Quotation marks as monsters, or the other way around?

In Dekker Aloni (ed.), Proceedings of the Sixteenth Amsterdam Colloquium. 145-150 (2007)
Abstract
Mixed quotation exhibits characteristics of both mention and use. Some even go so far as to claim it can be described wholly in terms of the pragmatics of language use. Thus, it may be argued that the observed shifting of indexicals under all quotation shows that a monstrous operator is involved. I will argue the opposite: a proper semantic account of quotation can be used to exorcize Schlenker's monsters from semantic theory
Keywords quotation  mixed quotation  indexicals  monsters  context-shifting  monstrous operator
Categories (categorize this paper)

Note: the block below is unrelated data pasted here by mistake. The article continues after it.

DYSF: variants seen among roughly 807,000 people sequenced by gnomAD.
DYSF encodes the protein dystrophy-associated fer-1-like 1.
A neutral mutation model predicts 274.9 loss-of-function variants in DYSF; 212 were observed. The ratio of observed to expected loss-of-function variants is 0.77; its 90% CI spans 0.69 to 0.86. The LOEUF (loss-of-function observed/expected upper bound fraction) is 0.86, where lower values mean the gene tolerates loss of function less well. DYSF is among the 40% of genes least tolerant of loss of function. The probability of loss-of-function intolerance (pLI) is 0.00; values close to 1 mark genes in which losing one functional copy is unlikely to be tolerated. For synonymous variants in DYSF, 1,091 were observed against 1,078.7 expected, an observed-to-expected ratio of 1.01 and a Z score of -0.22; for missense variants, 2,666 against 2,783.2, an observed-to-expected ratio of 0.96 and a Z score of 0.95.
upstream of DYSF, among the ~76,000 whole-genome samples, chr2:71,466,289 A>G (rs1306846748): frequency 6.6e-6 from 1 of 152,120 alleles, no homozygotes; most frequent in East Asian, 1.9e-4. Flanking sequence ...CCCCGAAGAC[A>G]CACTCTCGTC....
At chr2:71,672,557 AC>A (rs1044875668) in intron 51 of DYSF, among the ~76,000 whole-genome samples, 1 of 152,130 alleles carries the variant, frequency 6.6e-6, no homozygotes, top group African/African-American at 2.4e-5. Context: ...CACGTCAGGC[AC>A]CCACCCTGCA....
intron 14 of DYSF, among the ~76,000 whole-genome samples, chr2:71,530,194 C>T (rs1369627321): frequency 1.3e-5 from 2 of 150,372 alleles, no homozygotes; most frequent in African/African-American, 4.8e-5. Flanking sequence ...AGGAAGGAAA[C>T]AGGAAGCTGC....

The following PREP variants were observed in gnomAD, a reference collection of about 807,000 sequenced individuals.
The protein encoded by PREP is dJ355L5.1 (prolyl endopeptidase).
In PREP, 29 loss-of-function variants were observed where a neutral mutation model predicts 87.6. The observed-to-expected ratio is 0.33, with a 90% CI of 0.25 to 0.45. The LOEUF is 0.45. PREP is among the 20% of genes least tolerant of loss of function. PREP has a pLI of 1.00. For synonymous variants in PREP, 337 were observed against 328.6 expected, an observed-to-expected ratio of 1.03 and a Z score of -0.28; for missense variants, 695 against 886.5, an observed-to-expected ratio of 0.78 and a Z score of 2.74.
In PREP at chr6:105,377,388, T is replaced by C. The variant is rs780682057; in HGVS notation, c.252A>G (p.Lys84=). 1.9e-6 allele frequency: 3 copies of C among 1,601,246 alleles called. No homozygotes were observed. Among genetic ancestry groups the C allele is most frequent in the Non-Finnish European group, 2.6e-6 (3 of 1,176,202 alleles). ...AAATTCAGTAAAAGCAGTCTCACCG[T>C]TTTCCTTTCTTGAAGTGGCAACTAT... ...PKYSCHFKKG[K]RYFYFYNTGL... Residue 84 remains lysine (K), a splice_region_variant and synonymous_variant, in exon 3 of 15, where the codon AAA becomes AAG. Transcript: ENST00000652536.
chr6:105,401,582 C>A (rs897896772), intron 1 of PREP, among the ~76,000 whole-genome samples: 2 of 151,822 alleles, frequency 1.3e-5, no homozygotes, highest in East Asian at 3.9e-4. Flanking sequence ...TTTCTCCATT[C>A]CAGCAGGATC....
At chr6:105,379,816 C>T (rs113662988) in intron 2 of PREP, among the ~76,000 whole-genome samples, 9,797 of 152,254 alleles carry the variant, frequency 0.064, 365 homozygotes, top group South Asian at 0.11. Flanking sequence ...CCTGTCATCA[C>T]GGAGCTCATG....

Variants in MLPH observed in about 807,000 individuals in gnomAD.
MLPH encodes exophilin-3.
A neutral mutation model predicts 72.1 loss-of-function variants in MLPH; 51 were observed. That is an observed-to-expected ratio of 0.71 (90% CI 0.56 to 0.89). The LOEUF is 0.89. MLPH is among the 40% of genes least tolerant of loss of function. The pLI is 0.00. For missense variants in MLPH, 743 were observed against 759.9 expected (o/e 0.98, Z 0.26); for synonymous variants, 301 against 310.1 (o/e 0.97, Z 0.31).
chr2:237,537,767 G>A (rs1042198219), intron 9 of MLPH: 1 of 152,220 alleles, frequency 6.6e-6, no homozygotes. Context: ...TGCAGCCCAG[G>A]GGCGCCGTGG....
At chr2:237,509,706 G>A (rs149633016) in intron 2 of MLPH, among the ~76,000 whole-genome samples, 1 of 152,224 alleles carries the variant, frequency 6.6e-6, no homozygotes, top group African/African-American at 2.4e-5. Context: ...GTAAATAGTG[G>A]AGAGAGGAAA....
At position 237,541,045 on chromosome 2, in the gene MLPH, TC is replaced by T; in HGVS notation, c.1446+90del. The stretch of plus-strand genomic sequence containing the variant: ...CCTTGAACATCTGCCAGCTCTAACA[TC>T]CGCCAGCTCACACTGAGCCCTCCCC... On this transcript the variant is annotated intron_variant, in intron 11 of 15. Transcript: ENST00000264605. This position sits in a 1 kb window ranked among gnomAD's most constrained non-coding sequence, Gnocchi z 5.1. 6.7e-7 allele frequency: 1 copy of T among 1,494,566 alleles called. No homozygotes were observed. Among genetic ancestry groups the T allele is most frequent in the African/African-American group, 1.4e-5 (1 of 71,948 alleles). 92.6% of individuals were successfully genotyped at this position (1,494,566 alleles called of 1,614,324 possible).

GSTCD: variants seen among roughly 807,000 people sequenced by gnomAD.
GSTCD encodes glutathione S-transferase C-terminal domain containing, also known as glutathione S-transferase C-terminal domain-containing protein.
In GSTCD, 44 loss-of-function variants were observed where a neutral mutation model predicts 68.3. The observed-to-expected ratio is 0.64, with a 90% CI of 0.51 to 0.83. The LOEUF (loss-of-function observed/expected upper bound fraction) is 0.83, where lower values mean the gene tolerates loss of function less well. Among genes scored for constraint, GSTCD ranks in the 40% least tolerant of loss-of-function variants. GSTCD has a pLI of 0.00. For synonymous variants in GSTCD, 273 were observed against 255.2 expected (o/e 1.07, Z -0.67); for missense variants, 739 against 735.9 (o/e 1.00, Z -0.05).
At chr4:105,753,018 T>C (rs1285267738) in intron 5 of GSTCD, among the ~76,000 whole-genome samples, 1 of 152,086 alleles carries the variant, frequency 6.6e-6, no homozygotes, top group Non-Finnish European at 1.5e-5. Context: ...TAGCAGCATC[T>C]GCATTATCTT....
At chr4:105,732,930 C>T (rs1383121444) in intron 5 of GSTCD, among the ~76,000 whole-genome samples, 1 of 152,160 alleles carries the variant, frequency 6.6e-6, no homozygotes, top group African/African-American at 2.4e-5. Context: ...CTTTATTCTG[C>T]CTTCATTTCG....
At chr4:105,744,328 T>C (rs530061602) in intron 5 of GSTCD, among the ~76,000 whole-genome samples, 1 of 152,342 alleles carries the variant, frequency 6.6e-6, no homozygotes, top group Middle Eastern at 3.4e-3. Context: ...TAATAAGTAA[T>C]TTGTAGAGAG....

Options
 Save to my reading list
Follow the author(s)
My bibliography
Export citation
Find it on Scholar
Edit this record
Mark as duplicate
Revision history Request removal from index
 
Download options
PhilPapers Archive


Upload a copy of this paper     Check publisher's policy on self-archival     Papers currently archived: 10,374
External links
Setup an account with your affiliations in order to access resources via your University's proxy server
Configure custom proxy (use this if your affiliation does not provide a proxy)
Through your library
References found in this work BETA

No references found.

Citations of this work BETA

No citations found.

Similar books and articles
Analytics

Monthly downloads

Added to index

2009-01-28

Total downloads

23 ( #72,276 of 1,096,818 )

Recent downloads (6 months)

5 ( #53,739 of 1,096,818 )

How can I increase my downloads?

My notes
Sign in to use this feature


Discussion
Start a new thread
Order:
There  are no threads in this forum
Nothing in this forum yet.